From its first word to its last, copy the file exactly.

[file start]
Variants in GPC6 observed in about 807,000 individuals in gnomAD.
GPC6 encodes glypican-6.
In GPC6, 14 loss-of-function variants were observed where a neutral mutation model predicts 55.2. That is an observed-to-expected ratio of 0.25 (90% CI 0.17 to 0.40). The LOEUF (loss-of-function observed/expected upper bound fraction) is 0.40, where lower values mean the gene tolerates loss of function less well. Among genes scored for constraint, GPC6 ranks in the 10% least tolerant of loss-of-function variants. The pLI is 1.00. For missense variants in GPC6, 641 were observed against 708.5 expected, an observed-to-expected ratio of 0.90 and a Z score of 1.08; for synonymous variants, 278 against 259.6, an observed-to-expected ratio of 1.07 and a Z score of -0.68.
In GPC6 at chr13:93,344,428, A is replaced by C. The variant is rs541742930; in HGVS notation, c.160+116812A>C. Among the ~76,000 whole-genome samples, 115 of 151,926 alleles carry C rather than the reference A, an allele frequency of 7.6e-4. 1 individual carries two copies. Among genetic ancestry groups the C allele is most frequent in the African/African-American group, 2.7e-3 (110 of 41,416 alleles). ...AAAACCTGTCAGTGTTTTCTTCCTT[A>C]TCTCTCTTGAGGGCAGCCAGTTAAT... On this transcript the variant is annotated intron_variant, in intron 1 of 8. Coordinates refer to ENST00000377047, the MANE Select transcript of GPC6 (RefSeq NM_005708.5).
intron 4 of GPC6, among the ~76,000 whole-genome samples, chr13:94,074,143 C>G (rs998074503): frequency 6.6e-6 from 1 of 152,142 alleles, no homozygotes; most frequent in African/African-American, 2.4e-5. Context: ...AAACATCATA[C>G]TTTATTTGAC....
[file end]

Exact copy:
Variants in GPC6 observed in about 807,000 individuals in gnomAD.
GPC6 encodes glypican-6.
In GPC6, 14 loss-of-function variants were observed where a neutral mutation model predicts 55.2. That is an observed-to-expected ratio of 0.25 (90% CI 0.17 to 0.40). The LOEUF (loss-of-function observed/expected upper bound fraction) is 0.40, where lower values mean the gene tolerates loss of function less well. Among genes scored for constraint, GPC6 ranks in the 10% least tolerant of loss-of-function variants. The pLI is 1.00. For missense variants in GPC6, 641 were observed against 708.5 expected, an observed-to-expected ratio of 0.90 and a Z score of 1.08; for synonymous variants, 278 against 259.6, an observed-to-expected ratio of 1.07 and a Z score of -0.68.
In GPC6 at chr13:93,344,428, A is replaced by C. The variant is rs541742930; in HGVS notation, c.160+116812A>C. Among the ~76,000 whole-genome samples, 115 of 151,926 alleles carry C rather than the reference A, an allele frequency of 7.6e-4. 1 individual carries two copies. Among genetic ancestry groups the C allele is most frequent in the African/African-American group, 2.7e-3 (110 of 41,416 alleles). ...AAAACCTGTCAGTGTTTTCTTCCTT[A>C]TCTCTCTTGAGGGCAGCCAGTTAAT... On this transcript the variant is annotated intron_variant, in intron 1 of 8. Coordinates refer to ENST00000377047, the MANE Select transcript of GPC6 (RefSeq NM_005708.5).
intron 4 of GPC6, among the ~76,000 whole-genome samples, chr13:94,074,143 C>G (rs998074503): frequency 6.6e-6 from 1 of 152,142 alleles, no homozygotes; most frequent in African/African-American, 2.4e-5. Context: ...AAACATCATA[C>G]TTTATTTGAC....